wherein said distributed messaging system resumes a transmission of said data messages from said data publisher, to said data consumer, after said interprocess communication connection has been re-synchronized using said interprocess communications connection between said first message router and said any message router communicatively linked to said any data publisher able to resume said providing of said data messages.
Description
CROSS REFERENCE TO RELATED APPLICATIONS

This Application claims the priority of U.S. provisional patent application No. 60/156,605 filed Sep. 29, 1999.

BACKGROUND OF THE INVENTION

1. Technical Field

This invention relates to the field of distributed messaging and more particularly to a distributed messaging system for transmitting topical data messages from data publishers to data consumers.

2. Description of the Related Art

Conventional distributed computing can require that multiple computer application processes share data over a computer communications network. Specifically, distributed computer applications can require that processes running in one computing device share data with one or more processes running in other computing devices communicatively connected to one another in a computer communications network. Communications between distributed applications can require significant coordination and control in order to ensure that data which is received is correct and accurate. Disruption in communications can be catastrophic if the distributed applications cannot adequately detect a break in communications and respond accordingly.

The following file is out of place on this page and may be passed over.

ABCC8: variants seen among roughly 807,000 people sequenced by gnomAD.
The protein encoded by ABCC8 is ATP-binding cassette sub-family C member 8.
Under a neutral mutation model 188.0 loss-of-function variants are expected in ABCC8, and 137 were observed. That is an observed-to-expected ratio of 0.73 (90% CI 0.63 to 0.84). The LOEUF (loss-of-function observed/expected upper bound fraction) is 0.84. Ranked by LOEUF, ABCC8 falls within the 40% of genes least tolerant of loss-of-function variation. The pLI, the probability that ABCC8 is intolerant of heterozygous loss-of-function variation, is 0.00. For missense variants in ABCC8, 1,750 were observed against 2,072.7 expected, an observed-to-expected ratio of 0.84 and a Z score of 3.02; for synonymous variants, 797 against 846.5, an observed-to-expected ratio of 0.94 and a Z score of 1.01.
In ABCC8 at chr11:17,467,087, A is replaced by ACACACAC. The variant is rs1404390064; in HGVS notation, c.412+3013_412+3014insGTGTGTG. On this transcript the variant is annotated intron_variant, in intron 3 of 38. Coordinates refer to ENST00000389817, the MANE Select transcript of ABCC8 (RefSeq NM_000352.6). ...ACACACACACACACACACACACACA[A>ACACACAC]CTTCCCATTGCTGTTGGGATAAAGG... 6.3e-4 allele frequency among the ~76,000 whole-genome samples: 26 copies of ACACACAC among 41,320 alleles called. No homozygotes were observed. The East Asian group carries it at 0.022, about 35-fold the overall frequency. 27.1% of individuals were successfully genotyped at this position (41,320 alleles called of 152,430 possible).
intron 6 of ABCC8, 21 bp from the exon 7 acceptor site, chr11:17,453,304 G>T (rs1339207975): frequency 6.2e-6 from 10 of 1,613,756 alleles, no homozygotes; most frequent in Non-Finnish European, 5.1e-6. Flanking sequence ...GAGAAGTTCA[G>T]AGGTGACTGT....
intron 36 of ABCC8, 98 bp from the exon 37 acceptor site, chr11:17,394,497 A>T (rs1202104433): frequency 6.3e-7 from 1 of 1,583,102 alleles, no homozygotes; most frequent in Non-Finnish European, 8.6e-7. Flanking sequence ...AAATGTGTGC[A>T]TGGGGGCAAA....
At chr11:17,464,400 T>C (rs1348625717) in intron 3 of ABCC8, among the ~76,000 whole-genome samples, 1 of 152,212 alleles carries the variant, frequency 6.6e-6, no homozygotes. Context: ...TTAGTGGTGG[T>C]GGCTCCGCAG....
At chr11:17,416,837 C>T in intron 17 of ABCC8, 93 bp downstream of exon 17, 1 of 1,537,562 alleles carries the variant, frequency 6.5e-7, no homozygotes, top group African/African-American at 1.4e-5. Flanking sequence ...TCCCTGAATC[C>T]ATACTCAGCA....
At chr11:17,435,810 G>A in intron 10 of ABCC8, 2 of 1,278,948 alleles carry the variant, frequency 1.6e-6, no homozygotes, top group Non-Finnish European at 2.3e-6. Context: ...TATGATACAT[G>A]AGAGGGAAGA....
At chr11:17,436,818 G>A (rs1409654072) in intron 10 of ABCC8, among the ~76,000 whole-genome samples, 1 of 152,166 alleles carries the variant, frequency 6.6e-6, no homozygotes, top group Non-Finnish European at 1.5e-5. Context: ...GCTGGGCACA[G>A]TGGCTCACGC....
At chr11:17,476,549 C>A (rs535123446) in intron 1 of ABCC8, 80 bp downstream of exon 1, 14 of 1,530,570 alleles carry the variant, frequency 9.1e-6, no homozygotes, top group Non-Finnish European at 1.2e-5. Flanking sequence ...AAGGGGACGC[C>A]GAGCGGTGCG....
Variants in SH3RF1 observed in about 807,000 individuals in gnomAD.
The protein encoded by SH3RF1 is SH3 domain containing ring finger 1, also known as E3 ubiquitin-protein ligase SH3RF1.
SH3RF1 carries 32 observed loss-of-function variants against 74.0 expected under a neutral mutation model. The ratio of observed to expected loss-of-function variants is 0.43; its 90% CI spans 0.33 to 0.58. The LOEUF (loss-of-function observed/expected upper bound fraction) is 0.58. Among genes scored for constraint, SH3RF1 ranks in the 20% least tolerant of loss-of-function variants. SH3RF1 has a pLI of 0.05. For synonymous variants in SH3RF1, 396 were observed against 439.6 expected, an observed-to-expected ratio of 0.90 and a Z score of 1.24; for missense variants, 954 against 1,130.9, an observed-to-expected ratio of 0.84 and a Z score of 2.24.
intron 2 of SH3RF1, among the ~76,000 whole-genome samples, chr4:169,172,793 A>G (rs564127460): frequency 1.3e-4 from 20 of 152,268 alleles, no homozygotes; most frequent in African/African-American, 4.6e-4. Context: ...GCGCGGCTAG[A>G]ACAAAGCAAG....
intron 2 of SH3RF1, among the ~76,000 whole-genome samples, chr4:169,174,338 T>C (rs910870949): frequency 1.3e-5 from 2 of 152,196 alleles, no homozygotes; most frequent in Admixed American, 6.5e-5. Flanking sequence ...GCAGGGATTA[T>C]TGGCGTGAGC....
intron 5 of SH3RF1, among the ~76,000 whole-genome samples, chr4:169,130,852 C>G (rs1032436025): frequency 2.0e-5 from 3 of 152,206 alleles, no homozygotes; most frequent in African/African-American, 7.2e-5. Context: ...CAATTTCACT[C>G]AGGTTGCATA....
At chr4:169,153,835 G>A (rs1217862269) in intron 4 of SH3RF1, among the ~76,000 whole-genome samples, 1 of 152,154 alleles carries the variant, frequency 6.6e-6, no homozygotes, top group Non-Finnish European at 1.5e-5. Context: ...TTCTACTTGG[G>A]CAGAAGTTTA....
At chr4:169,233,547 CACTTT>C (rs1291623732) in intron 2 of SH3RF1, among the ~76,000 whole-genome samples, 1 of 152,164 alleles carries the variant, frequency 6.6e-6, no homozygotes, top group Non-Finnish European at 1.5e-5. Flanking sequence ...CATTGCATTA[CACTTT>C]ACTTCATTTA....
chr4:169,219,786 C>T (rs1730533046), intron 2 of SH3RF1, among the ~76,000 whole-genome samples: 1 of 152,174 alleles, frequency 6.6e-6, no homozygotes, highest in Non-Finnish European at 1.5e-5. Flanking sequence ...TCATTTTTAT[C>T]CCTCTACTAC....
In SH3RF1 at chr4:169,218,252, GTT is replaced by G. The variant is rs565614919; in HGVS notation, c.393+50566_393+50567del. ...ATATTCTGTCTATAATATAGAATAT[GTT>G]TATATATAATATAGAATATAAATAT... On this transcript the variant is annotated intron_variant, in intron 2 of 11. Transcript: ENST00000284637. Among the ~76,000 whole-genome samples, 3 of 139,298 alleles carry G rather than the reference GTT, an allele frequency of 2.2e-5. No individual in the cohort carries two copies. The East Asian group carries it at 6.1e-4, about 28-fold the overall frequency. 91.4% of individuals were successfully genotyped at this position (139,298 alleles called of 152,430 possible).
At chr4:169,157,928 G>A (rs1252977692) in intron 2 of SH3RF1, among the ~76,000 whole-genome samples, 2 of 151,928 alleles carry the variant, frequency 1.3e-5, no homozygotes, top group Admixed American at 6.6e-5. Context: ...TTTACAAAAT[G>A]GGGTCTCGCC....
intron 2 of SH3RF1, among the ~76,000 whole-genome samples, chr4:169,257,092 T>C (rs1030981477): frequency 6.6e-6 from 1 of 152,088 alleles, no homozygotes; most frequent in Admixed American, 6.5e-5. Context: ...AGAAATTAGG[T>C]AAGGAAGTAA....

In a typical distributed system there may be hundreds of computers running many application programs. In consequence, sharing data entails not only establishing a means of communication between the application programs across a network but also providing the capability to recover from failures. These failures may be due to physical network problems, software problems, or other error conditions. Recovering from a fault or problem is a critical issue in the arena of distributed computing.